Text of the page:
Homeowners have a number of flooring options from which to choose. Options include ceramic tile, vinyl, linoleum, bamboo, hardwood, carpet made of natural or a variety of synthetic fibers, and more. The differences in environmental impacts between these various options are large. For those interested in minimizing the environmental impacts associated with their choice of flooring material, finding reliable information about the impacts and trade-offs can be daunting.
A new report from Dovetail Partners, a Minneapolis-based non-profit, examines available life cycle assessment (LCA) data for alternative flooring products. The findings provide a useful guide for selecting green flooring materials.
The Building for Energy and Environmental Sustainability (BEES) program of the National Institute of Standards and Technology (NIST) is the most comprehensive source of LCA-based information for floor covering products. NIST product evaluations are comprehensive, and are reviewed by a Scientific Advisory Panel of the Environmental Protection Agency as well as a Stakeholder Panel.
The BEES program provides life-cycle based comparisons of approximately 25 floor covering products, including ceramic tile, linoleum, vinyl tile, marble tile, terrazzo, cork tile, and nylon and wool carpet. The comparisons look at 12 environmental attributes, including global warming, acidification, eutrophication, fossil fuel depletion, indoor air quality, human health, habitat alteration, criteria air pollutants, ecological toxicity, water intake, ozone depletion and smog.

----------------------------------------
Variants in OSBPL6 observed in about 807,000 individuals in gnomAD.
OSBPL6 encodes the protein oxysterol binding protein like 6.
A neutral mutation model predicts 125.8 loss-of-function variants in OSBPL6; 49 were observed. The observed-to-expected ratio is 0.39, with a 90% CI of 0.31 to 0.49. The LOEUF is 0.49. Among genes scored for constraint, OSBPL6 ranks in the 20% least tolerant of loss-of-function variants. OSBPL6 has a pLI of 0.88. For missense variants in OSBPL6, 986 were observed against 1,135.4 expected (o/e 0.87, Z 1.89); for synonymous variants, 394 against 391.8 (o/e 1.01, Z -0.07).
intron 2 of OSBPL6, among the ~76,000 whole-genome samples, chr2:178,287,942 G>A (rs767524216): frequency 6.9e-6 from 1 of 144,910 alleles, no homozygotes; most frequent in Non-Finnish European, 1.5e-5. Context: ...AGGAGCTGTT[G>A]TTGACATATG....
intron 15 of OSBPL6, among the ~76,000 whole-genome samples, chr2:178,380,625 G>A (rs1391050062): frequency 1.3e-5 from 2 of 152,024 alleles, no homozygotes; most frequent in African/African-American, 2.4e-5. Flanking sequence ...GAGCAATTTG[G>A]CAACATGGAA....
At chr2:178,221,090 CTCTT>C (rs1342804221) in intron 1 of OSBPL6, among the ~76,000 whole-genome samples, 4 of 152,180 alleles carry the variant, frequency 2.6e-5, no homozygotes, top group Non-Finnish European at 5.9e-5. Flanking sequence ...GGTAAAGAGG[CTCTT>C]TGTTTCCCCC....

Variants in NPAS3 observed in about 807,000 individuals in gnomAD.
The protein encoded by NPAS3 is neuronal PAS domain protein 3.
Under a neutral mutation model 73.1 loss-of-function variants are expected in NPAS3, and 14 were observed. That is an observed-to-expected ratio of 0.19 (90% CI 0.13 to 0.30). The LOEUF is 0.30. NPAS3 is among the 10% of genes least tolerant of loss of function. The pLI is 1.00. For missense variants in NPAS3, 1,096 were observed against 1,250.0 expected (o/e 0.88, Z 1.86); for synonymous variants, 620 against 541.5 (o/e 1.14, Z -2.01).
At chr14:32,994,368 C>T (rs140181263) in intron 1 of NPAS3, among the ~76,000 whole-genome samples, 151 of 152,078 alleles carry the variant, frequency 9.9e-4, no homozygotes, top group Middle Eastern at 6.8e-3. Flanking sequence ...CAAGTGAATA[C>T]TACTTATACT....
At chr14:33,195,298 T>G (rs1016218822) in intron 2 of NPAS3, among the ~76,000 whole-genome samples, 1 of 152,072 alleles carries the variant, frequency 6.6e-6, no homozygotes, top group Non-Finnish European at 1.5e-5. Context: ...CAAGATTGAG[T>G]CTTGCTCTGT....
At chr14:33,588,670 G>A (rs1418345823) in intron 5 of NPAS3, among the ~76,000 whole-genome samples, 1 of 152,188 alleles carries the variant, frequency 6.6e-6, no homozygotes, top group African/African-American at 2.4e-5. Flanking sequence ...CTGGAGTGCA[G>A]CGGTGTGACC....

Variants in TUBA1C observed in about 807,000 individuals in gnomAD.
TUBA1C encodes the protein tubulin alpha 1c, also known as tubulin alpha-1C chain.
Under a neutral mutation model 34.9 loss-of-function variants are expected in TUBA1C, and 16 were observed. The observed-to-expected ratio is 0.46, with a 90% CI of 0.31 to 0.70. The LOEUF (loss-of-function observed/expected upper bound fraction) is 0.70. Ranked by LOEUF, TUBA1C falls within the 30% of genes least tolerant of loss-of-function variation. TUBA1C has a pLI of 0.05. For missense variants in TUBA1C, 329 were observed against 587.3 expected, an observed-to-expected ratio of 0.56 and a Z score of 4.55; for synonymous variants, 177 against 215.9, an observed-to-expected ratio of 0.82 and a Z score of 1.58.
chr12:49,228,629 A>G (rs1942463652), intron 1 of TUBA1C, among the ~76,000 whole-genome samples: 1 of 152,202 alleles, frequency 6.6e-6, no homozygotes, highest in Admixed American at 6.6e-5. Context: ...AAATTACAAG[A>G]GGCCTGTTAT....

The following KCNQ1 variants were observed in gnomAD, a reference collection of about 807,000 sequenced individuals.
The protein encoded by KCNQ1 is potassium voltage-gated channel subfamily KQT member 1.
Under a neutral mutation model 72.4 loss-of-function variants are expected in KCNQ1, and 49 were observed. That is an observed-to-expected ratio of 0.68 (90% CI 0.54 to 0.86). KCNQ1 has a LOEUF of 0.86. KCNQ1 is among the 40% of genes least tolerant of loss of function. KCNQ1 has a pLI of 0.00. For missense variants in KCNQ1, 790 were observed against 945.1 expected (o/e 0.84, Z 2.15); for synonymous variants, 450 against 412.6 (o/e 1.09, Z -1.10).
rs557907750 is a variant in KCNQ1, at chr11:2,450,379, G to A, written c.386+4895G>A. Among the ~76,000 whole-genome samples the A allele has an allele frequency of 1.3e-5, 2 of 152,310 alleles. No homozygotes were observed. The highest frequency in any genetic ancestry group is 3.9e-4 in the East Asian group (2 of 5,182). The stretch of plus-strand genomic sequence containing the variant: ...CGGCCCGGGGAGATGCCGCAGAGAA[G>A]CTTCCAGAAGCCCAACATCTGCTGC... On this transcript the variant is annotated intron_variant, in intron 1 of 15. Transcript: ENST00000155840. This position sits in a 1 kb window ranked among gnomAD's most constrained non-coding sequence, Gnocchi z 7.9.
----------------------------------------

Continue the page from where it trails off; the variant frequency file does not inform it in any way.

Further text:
In addition to the BEES data, the report also reviews flooring research completed in Europe and Canada, and several recent studies completed in the United States.
“Overall, our review found that floor coverings made from bio-based materials, such as wood and cork have substantially lower environmental impacts than vinyl, ceramic tile, and wool and nylon carpeting,” says Kathryn Fernholz, Executive Director of Dovetail Partners.
There are some limitations to the available information. To date, for example, there has been no published life cycle assessment of bamboo flooring. Information on carpeting is also limited in that BEES focuses on floor coverings typically used in commercial building and institutions rather than those used in residential structures.
Unfortunately, the BEES database does not yet include information on such flooring options as hardwood or bamboo.
“However,” says Bowyer, “in those comparisons in which wood flooring products have been among the options considered, the wood flooring has generally been found to have the lowest environmental impact.”